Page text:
This is a Nuremberg microscope with the basic construction of the famous Culpeper tripod microscope. It is made almost entirely from ivory, with the exception of draw and body tubes which are constructed of vellum-covered cardboard. The vellum is untooled and unstamped. The microscope itself is supported by a platform and tripod base. Optically, the microscope body consists of a drawtube with a single biconvex eyelens on one end and another biconvex lens mounted in an ivory snout at the other end. The microscope slides into a support structure consisting of an ivory base and cardboard tube. Ivory dust caps can be screwed into the eyepiece collar and objective snout. The field lens should be located at the base of the eyepiece draw tube, but unfortunately it is missing, thus this microscope cannot form an image. The base of the support tube has rectangular cutouts for access to the sample space. A Bonnani spring stage would normally be placed in the cutout space but it too is missing. The microscope assembly and support base fit into a hole in the circular top piece of the base assembly. This piece is supported by three turned ivory legs, which fit into holes in the massive ivory base. The base is supported by squat ivory feet. The position of the feet alternates with the position of the support legs. Samples are illuminated by a large, single-sided plane mirror. The mirror assembly has a mounting tab that fits in a slot in a rotating base. A thin ivory shaft holds the mirror in place.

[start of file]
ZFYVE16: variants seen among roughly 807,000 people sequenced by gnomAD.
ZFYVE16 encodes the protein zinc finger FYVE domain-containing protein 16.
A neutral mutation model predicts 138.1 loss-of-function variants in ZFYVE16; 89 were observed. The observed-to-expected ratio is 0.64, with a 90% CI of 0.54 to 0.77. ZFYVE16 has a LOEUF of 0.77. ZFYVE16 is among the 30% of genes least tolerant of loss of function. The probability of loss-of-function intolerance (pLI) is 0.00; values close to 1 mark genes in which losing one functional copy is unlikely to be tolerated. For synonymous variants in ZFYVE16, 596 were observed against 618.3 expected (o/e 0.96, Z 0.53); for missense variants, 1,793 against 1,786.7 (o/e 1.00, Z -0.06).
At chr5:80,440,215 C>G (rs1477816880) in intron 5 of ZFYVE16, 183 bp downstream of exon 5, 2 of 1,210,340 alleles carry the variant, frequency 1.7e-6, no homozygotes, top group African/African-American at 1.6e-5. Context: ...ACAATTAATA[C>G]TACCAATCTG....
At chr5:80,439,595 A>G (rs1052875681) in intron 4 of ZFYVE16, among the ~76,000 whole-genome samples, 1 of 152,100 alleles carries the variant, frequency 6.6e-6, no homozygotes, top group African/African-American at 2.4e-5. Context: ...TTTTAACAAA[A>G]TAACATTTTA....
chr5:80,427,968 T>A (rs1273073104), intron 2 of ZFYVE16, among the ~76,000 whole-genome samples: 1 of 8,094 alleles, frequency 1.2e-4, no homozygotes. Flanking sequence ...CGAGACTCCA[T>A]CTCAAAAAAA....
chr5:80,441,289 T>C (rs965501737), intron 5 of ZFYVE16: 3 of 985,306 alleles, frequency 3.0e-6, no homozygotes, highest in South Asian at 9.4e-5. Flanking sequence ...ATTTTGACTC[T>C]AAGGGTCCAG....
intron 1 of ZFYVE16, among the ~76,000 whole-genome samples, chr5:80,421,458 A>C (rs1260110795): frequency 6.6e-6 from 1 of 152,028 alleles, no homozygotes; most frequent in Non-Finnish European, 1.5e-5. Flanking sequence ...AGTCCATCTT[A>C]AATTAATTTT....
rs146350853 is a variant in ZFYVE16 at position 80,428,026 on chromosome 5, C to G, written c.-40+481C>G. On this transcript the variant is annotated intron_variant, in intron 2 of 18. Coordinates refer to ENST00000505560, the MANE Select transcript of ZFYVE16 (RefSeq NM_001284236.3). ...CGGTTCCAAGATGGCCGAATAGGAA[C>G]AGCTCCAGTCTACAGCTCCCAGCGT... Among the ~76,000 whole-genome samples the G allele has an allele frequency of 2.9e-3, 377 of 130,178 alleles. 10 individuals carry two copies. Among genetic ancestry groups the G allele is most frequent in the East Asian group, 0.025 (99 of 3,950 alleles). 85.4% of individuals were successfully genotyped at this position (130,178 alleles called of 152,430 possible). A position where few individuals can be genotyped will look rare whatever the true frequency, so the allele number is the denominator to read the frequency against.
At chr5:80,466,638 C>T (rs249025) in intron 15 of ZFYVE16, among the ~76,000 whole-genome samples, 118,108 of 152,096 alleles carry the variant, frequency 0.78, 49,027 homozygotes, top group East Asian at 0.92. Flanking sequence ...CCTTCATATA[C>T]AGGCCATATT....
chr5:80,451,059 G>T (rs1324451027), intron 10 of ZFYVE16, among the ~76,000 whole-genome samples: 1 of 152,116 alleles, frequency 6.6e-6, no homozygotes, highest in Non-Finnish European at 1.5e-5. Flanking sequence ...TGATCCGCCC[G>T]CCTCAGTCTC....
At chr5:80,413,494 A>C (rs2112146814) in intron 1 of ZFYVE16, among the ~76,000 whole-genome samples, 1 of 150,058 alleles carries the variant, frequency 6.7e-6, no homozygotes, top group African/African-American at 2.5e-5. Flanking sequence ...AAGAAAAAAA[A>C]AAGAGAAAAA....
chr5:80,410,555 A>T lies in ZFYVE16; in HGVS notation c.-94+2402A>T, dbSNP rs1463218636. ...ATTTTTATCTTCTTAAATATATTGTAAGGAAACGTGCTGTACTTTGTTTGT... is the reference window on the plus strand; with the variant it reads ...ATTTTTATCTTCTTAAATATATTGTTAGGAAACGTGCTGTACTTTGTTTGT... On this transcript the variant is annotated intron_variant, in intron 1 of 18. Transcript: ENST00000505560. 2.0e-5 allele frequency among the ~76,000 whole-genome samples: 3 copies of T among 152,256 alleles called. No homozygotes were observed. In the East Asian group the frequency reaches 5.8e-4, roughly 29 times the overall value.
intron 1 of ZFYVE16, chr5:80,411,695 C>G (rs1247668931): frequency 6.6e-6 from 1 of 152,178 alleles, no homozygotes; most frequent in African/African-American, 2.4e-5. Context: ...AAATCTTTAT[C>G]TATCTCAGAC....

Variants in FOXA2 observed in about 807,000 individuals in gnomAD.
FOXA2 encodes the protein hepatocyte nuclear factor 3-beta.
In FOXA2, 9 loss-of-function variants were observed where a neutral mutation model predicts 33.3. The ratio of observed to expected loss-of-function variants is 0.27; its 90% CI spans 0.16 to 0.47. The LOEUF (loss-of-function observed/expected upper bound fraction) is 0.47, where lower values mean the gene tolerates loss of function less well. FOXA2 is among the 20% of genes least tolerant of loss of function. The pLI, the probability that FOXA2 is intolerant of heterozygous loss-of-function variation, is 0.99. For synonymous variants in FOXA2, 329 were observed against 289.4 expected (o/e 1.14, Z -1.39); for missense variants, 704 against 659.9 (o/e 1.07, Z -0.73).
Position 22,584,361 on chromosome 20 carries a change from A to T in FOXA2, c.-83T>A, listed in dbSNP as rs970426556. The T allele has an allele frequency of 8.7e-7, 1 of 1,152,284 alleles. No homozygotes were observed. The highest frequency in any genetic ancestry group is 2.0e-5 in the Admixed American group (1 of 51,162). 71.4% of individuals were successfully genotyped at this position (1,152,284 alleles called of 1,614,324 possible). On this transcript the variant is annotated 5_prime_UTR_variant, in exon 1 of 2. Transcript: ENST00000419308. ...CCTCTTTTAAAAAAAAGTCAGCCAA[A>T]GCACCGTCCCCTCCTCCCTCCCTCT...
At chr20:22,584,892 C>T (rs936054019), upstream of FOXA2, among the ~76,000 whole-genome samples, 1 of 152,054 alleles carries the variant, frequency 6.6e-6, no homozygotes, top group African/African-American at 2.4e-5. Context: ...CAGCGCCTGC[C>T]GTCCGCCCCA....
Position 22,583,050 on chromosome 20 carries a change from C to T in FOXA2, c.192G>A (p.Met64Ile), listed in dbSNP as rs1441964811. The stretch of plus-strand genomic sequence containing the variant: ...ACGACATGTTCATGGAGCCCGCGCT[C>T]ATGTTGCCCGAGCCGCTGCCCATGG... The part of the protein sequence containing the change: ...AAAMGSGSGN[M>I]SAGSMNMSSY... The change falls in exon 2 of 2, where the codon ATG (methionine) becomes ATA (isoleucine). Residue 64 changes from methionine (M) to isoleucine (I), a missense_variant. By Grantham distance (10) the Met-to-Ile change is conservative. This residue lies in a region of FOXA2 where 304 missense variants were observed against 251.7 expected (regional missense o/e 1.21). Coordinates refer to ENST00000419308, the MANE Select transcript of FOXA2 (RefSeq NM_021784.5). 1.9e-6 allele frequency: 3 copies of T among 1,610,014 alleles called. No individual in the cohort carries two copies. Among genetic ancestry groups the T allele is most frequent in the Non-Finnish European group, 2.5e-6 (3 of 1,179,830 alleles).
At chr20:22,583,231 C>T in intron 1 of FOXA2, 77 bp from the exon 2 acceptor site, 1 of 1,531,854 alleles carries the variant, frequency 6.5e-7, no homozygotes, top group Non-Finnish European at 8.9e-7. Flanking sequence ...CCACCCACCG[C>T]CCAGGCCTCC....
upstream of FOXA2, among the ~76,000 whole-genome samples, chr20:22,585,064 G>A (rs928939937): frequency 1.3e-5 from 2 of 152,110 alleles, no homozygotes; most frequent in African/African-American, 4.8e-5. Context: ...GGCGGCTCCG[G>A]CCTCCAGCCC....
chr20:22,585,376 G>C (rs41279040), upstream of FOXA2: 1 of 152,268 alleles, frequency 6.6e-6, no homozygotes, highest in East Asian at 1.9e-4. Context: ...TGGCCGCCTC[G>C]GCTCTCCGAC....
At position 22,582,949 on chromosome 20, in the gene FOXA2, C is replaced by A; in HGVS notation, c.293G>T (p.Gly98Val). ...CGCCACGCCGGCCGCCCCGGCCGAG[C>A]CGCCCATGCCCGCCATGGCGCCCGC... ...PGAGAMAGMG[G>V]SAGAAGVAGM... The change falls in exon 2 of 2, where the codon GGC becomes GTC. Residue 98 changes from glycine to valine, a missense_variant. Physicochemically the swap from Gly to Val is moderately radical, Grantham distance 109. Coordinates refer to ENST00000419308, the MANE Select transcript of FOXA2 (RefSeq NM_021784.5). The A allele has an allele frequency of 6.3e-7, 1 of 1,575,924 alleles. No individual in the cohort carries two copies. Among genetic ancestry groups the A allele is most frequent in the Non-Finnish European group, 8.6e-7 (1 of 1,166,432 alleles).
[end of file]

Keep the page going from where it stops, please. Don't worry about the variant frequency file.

This popular style, the vellum-covered tripod design, was modeled after the more elegant microscopes by Edmund Culpeper of the early part of the 18th century. The Golub Collection is fortunate to have examples of the three main Nuremberg designed: the Tripod style, the Sentry style (a rectangular drum stand), or a side pillar design. Many of these instruments have initials burnt into the wood base, some surrounded by a circle, some by a heart shape. These may have been the marks of the sellers or distributors of the product. Unfortunately, this ivory tripod instrument in the Golub Collection does not have any such identification. Although some Nuremberg microscopes are said to have been made in the 18th century, it is likely that most were constructed during the first quarter of the 19th century.
Microscope featured 02/2013